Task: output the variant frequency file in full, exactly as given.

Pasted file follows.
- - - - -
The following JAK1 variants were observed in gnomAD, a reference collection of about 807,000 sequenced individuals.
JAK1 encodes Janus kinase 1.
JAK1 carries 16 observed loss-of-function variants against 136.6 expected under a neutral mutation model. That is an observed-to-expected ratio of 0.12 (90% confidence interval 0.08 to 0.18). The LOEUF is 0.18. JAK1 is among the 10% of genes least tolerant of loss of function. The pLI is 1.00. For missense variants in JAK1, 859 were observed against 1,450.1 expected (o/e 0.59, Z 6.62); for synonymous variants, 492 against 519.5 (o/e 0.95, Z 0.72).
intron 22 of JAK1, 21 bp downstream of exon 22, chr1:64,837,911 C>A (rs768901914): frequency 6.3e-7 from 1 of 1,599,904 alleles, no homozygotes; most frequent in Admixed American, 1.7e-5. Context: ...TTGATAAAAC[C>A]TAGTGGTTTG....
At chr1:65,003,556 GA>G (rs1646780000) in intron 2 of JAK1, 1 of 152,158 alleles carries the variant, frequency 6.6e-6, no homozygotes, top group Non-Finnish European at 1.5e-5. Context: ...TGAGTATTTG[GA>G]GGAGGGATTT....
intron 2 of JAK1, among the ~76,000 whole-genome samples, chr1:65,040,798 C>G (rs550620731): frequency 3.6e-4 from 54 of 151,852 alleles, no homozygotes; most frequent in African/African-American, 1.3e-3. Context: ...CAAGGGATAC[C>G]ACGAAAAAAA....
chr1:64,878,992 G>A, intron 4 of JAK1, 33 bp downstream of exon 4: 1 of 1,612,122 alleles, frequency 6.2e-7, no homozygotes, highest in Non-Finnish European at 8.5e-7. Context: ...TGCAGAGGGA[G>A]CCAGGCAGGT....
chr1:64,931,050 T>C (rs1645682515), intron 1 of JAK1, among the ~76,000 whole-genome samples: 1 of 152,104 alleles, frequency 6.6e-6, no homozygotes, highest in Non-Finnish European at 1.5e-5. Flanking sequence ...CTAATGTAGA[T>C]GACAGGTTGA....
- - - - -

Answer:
The following JAK1 variants were observed in gnomAD, a reference collection of about 807,000 sequenced individuals.
JAK1 encodes Janus kinase 1.
JAK1 carries 16 observed loss-of-function variants against 136.6 expected under a neutral mutation model. That is an observed-to-expected ratio of 0.12 (90% confidence interval 0.08 to 0.18). The LOEUF is 0.18. JAK1 is among the 10% of genes least tolerant of loss of function. The pLI is 1.00. For missense variants in JAK1, 859 were observed against 1,450.1 expected (o/e 0.59, Z 6.62); for synonymous variants, 492 against 519.5 (o/e 0.95, Z 0.72).
intron 22 of JAK1, 21 bp downstream of exon 22, chr1:64,837,911 C>A (rs768901914): frequency 6.3e-7 from 1 of 1,599,904 alleles, no homozygotes; most frequent in Admixed American, 1.7e-5. Context: ...TTGATAAAAC[C>A]TAGTGGTTTG....
At chr1:65,003,556 GA>G (rs1646780000) in intron 2 of JAK1, 1 of 152,158 alleles carries the variant, frequency 6.6e-6, no homozygotes, top group Non-Finnish European at 1.5e-5. Context: ...TGAGTATTTG[GA>G]GGAGGGATTT....
intron 2 of JAK1, among the ~76,000 whole-genome samples, chr1:65,040,798 C>G (rs550620731): frequency 3.6e-4 from 54 of 151,852 alleles, no homozygotes; most frequent in African/African-American, 1.3e-3. Context: ...CAAGGGATAC[C>G]ACGAAAAAAA....
chr1:64,878,992 G>A, intron 4 of JAK1, 33 bp downstream of exon 4: 1 of 1,612,122 alleles, frequency 6.2e-7, no homozygotes, highest in Non-Finnish European at 8.5e-7. Context: ...TGCAGAGGGA[G>A]CCAGGCAGGT....
chr1:64,931,050 T>C (rs1645682515), intron 1 of JAK1, among the ~76,000 whole-genome samples: 1 of 152,104 alleles, frequency 6.6e-6, no homozygotes, highest in Non-Finnish European at 1.5e-5. Flanking sequence ...CTAATGTAGA[T>C]GACAGGTTGA....